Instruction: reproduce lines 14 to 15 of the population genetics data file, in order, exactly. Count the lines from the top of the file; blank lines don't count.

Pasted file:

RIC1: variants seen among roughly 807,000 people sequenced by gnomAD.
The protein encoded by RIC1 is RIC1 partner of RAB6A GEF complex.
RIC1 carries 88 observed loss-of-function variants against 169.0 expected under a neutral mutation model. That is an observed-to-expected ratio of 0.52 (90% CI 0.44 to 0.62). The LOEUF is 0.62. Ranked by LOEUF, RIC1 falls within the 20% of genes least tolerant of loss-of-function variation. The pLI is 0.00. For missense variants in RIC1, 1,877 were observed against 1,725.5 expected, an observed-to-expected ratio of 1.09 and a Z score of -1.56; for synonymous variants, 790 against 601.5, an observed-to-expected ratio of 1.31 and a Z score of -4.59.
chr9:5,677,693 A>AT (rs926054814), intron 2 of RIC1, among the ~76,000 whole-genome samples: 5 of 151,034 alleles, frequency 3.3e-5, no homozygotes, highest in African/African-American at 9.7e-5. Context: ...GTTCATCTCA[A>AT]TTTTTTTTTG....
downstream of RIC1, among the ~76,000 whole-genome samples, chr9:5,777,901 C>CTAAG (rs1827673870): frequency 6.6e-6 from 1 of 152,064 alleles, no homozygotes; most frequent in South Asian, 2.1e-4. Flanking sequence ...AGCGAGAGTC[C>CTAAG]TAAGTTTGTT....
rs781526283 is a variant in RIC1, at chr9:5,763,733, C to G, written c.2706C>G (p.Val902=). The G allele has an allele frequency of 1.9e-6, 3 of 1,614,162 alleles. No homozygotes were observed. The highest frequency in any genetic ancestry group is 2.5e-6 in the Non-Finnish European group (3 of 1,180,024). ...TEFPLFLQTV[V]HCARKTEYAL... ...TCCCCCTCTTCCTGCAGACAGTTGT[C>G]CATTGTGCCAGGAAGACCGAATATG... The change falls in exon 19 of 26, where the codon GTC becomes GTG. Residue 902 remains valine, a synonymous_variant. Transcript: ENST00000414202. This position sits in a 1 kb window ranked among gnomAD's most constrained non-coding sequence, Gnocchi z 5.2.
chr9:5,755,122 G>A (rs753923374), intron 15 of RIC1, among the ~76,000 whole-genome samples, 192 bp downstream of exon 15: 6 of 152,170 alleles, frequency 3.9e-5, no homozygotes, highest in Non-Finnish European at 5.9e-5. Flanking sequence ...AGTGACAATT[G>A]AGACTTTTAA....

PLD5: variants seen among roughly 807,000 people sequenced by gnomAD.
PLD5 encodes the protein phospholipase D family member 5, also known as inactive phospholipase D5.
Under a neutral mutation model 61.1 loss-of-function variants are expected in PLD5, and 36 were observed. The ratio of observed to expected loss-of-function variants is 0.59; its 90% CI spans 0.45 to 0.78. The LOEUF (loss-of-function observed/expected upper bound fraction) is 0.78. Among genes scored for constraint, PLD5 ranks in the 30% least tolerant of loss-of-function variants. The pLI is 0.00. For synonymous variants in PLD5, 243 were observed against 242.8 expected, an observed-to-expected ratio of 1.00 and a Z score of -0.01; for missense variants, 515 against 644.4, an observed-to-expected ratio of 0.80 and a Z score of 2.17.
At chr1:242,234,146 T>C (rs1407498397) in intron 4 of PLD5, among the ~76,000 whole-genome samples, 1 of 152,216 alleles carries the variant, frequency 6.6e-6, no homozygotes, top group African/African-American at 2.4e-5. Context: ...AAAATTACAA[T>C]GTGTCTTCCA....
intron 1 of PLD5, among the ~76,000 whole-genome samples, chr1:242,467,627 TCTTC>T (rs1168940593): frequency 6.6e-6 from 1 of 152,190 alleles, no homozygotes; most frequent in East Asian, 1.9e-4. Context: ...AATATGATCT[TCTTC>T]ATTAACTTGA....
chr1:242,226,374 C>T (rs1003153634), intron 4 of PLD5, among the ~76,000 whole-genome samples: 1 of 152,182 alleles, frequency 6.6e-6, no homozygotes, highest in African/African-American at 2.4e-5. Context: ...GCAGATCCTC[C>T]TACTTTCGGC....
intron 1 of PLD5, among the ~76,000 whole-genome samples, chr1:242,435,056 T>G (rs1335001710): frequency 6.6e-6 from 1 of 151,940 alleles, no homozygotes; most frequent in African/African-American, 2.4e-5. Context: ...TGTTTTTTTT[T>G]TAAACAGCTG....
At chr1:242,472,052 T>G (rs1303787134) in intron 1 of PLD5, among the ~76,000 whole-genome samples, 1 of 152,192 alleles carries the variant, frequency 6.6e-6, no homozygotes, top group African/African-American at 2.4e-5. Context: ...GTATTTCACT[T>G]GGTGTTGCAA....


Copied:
intron 1 of PLD5, among the ~76,000 whole-genome samples, chr1:242,435,056 T>G (rs1335001710): frequency 6.6e-6 from 1 of 151,940 alleles, no homozygotes; most frequent in African/African-American, 2.4e-5. Context: ...TGTTTTTTTT[T>G]TAAACAGCTG....
At chr1:242,472,052 T>G (rs1303787134) in intron 1 of PLD5, among the ~76,000 whole-genome samples, 1 of 152,192 alleles carries the variant, frequency 6.6e-6, no homozygotes, top group African/African-American at 2.4e-5. Context: ...GTATTTCACT[T>G]GGTGTTGCAA....